In 2008, candidates aren't just asking supporters to pony up their savings. In the era of the everyday activist, state and federal candidates are competing as much for dollars as for doers - the street-team members and grassroots advocates that, increasingly, turn the wheels of multifaceted machines.
During this election, an individual can donate $2,300 to a campaign, a limit set by the Federal Election Commission. Some generous citizens in Ohio have shelled out top dollar to numerous candidates.
You'd get a nice thank-you note for that.
But in 2008, candidates aren't just asking supporters to pony up their savings. In the era of the everyday activist, state and federal candidates are competing as much for dollars as for doers - the street-team members and grassroots advocates that, increasingly, turn the wheels of multifaceted machines.
Nowhere will this battle become fiercer than in Ohio.
In the Buckeye State, John McCain and Barack Obama remain locked in a dead heat. As of last week, the Republican nominee led his Democratic challenger by less than two percent, according to an average of national polls tallied by RealClearPolitics.com.
Meanwhile, the Libertarian, Green and Socialist parties will be fighting for increased exposure now that a federal district court judge ruled earlier this summer that the names of their candidates will appear on the Nov. 4 ballot.
That means canvassers, sign-painters, bloggers, networkers and pavement-pounders will continue to be in high demand. Hours are flexible, opportunities and commitment varied, experience not required.
In short: Your time is money.
"[Grassroots activism] is going to be a critical part of our effort to win Ohio in November," said Paul Lindsay, a McCain spokesman based in Columbus. "These next few weeks are going to be even more critical to get that voter contact."
From McCain's Columbus office - one of 22 Victory Centers across the state - supporters man phone banks, run door-to-door operations and set up other activities that accommodate a range of skill sets.
John McCain local office
240 N. Fifth St., Suite 340, Downtown
Barack Obama local office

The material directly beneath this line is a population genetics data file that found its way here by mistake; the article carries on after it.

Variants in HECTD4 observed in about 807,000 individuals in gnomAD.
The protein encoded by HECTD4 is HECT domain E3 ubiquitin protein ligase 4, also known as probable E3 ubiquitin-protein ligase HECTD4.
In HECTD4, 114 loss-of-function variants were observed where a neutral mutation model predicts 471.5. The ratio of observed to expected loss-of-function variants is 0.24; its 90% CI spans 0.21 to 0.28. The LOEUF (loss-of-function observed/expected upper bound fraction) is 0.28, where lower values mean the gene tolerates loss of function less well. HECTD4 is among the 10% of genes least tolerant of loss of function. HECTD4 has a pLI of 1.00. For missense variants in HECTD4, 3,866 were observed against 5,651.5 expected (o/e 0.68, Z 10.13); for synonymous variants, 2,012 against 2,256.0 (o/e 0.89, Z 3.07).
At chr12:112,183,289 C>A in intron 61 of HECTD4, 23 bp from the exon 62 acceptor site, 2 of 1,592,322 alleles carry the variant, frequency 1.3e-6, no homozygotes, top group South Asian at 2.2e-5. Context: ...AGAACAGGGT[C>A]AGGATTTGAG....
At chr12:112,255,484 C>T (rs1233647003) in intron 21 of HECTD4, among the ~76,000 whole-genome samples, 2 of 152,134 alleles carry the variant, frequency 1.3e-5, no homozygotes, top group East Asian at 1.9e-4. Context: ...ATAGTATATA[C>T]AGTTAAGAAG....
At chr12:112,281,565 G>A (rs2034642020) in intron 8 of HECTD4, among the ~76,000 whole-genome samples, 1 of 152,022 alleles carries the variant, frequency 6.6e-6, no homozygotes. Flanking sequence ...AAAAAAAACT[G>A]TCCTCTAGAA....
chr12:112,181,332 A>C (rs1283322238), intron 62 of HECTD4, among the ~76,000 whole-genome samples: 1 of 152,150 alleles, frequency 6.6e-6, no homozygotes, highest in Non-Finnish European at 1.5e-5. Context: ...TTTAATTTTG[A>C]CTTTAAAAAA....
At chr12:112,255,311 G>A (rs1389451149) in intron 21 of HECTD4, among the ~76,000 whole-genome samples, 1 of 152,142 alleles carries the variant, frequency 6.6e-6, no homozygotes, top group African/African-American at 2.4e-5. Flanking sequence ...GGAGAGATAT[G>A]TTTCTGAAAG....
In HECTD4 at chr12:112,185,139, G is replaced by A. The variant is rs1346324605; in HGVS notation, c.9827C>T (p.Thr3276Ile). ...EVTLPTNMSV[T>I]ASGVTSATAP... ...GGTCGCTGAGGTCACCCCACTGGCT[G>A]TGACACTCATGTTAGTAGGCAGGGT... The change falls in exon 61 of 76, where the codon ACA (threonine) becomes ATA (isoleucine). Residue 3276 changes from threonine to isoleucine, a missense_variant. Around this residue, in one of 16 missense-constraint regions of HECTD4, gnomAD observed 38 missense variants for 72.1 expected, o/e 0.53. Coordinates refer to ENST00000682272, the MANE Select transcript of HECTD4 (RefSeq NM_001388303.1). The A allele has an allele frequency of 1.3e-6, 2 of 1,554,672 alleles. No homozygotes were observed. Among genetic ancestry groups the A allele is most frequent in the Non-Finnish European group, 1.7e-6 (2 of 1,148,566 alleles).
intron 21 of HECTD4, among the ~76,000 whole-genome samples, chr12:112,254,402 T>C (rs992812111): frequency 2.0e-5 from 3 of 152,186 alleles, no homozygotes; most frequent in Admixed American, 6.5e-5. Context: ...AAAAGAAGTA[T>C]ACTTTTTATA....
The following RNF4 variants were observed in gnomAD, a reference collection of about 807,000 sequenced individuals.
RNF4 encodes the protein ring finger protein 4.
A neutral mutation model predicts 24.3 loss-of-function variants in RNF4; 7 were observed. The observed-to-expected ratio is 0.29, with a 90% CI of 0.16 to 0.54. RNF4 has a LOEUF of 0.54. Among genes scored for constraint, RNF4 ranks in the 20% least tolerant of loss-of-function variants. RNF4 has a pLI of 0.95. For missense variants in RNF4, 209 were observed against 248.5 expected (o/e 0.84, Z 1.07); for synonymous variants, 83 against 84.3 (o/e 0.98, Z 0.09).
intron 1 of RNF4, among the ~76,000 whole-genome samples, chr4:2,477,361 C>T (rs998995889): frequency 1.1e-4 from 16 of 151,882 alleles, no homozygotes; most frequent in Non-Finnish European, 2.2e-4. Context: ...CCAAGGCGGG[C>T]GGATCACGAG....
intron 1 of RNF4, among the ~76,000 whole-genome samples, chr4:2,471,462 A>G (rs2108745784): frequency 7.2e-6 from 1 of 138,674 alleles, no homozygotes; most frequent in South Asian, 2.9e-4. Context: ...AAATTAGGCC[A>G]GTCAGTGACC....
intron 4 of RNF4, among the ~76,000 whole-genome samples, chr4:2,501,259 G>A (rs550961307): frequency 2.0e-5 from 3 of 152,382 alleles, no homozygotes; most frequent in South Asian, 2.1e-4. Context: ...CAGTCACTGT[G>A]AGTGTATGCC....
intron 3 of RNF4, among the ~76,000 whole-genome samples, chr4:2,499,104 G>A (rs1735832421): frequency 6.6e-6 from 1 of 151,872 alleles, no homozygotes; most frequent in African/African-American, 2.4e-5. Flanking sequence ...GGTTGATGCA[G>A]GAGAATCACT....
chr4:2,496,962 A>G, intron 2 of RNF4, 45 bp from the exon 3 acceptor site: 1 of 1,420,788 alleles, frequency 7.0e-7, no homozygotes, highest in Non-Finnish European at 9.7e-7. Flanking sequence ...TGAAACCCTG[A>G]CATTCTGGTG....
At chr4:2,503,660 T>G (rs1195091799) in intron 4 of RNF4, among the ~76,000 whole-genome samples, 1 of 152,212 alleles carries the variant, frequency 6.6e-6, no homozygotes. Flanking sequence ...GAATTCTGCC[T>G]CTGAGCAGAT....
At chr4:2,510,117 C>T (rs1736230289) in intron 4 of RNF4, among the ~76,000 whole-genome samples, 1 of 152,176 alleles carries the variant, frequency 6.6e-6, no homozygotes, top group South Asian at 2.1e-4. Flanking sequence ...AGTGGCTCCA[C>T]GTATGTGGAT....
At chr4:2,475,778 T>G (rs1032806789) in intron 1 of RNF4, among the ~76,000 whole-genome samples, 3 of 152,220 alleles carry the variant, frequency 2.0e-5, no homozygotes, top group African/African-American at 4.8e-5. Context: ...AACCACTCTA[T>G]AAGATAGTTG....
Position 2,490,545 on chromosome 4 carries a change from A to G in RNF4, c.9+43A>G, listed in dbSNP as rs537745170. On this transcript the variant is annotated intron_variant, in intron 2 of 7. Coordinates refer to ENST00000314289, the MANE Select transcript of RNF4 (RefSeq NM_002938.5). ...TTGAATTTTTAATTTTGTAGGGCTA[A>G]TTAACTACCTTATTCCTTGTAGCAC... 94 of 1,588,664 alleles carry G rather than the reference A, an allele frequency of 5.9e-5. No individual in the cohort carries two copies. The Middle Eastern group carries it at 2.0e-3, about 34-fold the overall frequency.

193 E. Rich St., Downtown
"We continue to see folks come to our daily phone banks who have never volunteered for a campaign before," Lindsay said. "There's been renewed enthusiasm and excitement for the McCain/Palin ticket in the past week. During the convention, voters saw both candidates talk about their records of service and challenging the status quo."
Since the historic Democratic National Convention Aug. 25-28, Ohio's enthusiasm for Obama also is in full swing. Volunteers have been staffing about 40 regional offices, including local headquarters Downtown and on the North Side.
"We always say that the most important investment you can make is your time," said Olivia Alair, an Obama spokeswoman based in Columbus. "We're working to mobilize grassroots support, reach out through communities and talk to our neighbors one-on-one."
In addition to phone banking, eager individuals reach out to voters via regular canvassing campaigns known as Days of Action. A networking site, My.BarackObama.com, allows activists to plan debate-watching parties and other support gatherings.
"We encourage people to give what they can," Alair added. "It really puts the election back into the hands of voters and Ohioans. People feel really good that they can take ownership of this."
As the name suggests, this blog covers two major political parties on a crash course to the White House. However, it resists the bickering you often hear from both sides. The blog includes regular poll updates and fact-checks of recent TV ads.
Oddly, Columbus residents feel that Democrat Barack Obama would better handle the Iraq situation, but that Republican John McCain would better protect us against terrorism. Here's more:
Who would you trust as president to do a better job handling the situation in Iraq?
Who would you trust more as president to keep us safe from future terrorist attacks?
Source: Columbus Dispatch poll, Aug. 26-Sept. 2; numbers rounded
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